• Graduates wanting to work in adult education in state sponsored learning settings or those that are NGO-driven. • Graduates who want to manage or teach in a training cycle within state corporations or private industry. • Graduates exploring possibilities of working internationally in the ever burgeoning lifelong learning field, within the EU and beyond. • Graduates wanting to develop and refine the skills of writing project bids. • Graduates who want to be engaged in community and social movement learning • Graduates who want to engage in workers’ and trade union education.
Adult Education is an expanding field and has become more so, locally, as a result of Malta’s joining the EU which places lots of emphasis on lifelong learning, a term used interchangeably with the teaching and learning of adults.
As a result, access to EU funding in adult education requires a greater preparation of people involved in the area, to provide a good service as well as acquire the right competitive edge to secure this funding.
The EU LLL Memorandum and the Malta National LLL Strategy place emphasis on education that extends beyond schooling to involve a number of sites of practice such as training sites, prisons, the armed forces, community learning centres, museum education centres, work with and among migrants, community oriented learning in old and new literacies, further education and university continuing education and extension learning. State-sponsored adult education and training has increased exponentially in recent years and so has ngo-isation in adult learning, assisted in both cases by EU funding. These are areas in which well qualified adult educators can be engaged.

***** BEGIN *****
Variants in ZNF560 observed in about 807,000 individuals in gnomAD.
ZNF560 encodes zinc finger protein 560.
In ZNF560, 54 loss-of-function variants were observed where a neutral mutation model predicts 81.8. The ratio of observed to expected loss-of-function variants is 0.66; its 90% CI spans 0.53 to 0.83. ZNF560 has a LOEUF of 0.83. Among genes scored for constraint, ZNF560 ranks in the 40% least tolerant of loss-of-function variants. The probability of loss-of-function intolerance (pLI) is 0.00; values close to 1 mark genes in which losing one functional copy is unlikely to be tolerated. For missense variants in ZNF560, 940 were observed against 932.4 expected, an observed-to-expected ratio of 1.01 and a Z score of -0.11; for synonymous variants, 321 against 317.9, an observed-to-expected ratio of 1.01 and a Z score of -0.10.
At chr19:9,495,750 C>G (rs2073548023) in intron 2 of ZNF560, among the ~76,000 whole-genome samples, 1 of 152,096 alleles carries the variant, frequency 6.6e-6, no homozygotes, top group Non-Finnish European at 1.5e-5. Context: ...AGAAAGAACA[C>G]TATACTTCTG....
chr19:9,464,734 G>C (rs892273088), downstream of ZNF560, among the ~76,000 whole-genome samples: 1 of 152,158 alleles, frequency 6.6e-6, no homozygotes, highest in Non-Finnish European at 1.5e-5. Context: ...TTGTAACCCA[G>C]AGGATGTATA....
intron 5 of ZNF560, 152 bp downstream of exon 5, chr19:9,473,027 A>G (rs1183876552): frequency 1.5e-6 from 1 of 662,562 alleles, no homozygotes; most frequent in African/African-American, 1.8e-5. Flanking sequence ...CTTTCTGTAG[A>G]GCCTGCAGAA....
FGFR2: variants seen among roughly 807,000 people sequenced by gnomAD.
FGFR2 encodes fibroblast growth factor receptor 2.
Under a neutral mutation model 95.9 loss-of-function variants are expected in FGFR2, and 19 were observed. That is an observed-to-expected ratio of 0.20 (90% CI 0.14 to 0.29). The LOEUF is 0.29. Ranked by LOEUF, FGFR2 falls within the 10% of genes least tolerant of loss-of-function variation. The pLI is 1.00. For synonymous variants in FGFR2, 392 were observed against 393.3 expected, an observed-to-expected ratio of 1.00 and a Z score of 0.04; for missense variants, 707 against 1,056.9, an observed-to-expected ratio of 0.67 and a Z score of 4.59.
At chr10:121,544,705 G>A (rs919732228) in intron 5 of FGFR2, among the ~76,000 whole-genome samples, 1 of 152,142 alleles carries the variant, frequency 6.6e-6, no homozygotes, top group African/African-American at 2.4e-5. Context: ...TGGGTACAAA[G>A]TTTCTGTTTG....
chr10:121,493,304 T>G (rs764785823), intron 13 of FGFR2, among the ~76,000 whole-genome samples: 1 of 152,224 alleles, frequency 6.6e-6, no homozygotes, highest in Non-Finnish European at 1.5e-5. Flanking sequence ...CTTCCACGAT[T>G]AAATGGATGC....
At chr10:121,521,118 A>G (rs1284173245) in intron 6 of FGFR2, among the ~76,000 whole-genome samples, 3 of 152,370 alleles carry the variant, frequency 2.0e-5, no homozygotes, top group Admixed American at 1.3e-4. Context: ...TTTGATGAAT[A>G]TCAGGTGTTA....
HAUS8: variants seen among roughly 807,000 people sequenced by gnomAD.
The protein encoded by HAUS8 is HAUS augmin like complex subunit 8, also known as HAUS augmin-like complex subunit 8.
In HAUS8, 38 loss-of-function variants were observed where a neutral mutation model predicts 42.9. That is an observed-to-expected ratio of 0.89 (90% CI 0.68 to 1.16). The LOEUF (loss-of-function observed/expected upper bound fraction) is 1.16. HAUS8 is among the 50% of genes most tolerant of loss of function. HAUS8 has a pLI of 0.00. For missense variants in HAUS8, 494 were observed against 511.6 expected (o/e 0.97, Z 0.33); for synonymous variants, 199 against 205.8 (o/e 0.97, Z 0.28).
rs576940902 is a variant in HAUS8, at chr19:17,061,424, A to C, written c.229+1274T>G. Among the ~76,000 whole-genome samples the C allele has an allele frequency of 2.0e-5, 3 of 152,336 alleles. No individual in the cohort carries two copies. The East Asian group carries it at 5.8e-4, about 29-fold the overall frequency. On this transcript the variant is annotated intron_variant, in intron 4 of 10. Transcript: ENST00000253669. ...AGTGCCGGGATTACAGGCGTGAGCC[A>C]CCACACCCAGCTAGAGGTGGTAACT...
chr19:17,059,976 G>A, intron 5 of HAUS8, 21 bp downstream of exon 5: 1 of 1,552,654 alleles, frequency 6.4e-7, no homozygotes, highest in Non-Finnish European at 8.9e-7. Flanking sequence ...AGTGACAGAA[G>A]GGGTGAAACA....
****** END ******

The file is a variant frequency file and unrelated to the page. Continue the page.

There is a role for adult educators in developing schools as community learning centres, a recurring concept mentioned in a whole array of national education documents from 1998 till the present day. This concept involves 'after hours' learning among different members of the locality.
Working in adult education in a variety of settings abroad in, for example, international development programmes or for institutions such as the OECD, UNESCO and the EU.
Click here to access the Programme of Study applicable from 2019/0.
Last Updated: 5 June 2020
The University makes every effort to ensure that the published Courses Plans, Programmes of Study and Study-Unit information are complete and up-to-date at the time of publication. The University reserves the right to make changes in case errors are detected after publication. The availability of optional units may be subject to timetabling constraints. Units not attracting a sufficient number of registrations may be withdrawn without notice. Unless for exceptional approved reasons, no changes to the programme of study for a particular academic year will be made once the students' registration period for that academic year begins.